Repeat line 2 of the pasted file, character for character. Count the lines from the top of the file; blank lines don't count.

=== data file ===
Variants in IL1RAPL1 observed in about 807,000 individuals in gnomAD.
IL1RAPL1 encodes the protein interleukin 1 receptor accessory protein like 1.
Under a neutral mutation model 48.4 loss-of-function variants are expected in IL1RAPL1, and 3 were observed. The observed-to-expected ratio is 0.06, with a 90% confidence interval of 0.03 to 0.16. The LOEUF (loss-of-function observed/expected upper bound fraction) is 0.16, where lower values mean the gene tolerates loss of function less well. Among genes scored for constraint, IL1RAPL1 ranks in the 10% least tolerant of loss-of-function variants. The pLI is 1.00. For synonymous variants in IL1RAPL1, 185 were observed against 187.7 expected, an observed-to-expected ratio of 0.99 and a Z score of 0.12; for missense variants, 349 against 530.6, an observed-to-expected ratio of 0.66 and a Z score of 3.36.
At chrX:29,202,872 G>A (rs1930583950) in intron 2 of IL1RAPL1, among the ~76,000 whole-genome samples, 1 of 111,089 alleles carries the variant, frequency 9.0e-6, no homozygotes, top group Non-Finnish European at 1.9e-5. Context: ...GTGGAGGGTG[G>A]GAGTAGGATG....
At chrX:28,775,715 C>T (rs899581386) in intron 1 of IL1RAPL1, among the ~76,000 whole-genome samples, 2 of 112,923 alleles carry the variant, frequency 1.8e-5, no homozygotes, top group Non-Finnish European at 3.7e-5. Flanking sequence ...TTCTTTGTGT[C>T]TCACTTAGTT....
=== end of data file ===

IL1RAPL1 encodes the protein interleukin 1 receptor accessory protein like 1.